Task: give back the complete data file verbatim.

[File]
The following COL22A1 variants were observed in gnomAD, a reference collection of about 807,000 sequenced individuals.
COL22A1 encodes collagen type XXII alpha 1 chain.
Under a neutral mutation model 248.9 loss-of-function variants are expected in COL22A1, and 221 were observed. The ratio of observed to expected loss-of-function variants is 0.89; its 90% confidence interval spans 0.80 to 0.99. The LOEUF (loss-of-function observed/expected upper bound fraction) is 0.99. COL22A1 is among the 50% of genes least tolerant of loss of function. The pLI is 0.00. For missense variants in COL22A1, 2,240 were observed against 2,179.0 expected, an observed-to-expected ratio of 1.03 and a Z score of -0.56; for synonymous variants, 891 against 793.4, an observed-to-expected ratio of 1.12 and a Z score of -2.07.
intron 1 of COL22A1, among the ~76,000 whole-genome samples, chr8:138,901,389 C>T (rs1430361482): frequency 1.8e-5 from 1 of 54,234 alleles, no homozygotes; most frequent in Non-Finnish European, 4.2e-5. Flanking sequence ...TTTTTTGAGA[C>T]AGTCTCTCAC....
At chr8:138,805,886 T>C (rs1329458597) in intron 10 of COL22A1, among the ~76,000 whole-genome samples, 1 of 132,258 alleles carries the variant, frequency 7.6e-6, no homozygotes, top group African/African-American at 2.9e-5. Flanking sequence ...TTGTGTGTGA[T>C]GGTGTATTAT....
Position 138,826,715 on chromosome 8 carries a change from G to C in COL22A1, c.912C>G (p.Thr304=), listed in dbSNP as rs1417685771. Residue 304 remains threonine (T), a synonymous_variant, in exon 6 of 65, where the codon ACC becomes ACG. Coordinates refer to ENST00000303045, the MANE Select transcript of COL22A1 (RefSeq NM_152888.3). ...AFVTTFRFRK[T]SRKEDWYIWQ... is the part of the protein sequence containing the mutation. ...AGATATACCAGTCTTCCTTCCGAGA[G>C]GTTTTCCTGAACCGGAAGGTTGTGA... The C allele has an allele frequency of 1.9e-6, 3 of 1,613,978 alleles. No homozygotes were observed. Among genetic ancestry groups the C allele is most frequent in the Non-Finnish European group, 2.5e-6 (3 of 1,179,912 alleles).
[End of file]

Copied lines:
The following COL22A1 variants were observed in gnomAD, a reference collection of about 807,000 sequenced individuals.
COL22A1 encodes collagen type XXII alpha 1 chain.
Under a neutral mutation model 248.9 loss-of-function variants are expected in COL22A1, and 221 were observed. The ratio of observed to expected loss-of-function variants is 0.89; its 90% confidence interval spans 0.80 to 0.99. The LOEUF (loss-of-function observed/expected upper bound fraction) is 0.99. COL22A1 is among the 50% of genes least tolerant of loss of function. The pLI is 0.00. For missense variants in COL22A1, 2,240 were observed against 2,179.0 expected, an observed-to-expected ratio of 1.03 and a Z score of -0.56; for synonymous variants, 891 against 793.4, an observed-to-expected ratio of 1.12 and a Z score of -2.07.
intron 1 of COL22A1, among the ~76,000 whole-genome samples, chr8:138,901,389 C>T (rs1430361482): frequency 1.8e-5 from 1 of 54,234 alleles, no homozygotes; most frequent in Non-Finnish European, 4.2e-5. Flanking sequence ...TTTTTTGAGA[C>T]AGTCTCTCAC....
At chr8:138,805,886 T>C (rs1329458597) in intron 10 of COL22A1, among the ~76,000 whole-genome samples, 1 of 132,258 alleles carries the variant, frequency 7.6e-6, no homozygotes, top group African/African-American at 2.9e-5. Flanking sequence ...TTGTGTGTGA[T>C]GGTGTATTAT....
Position 138,826,715 on chromosome 8 carries a change from G to C in COL22A1, c.912C>G (p.Thr304=), listed in dbSNP as rs1417685771. Residue 304 remains threonine (T), a synonymous_variant, in exon 6 of 65, where the codon ACC becomes ACG. Coordinates refer to ENST00000303045, the MANE Select transcript of COL22A1 (RefSeq NM_152888.3). ...AFVTTFRFRK[T]SRKEDWYIWQ... is the part of the protein sequence containing the mutation. ...AGATATACCAGTCTTCCTTCCGAGA[G>C]GTTTTCCTGAACCGGAAGGTTGTGA... The C allele has an allele frequency of 1.9e-6, 3 of 1,613,978 alleles. No homozygotes were observed. Among genetic ancestry groups the C allele is most frequent in the Non-Finnish European group, 2.5e-6 (3 of 1,179,912 alleles).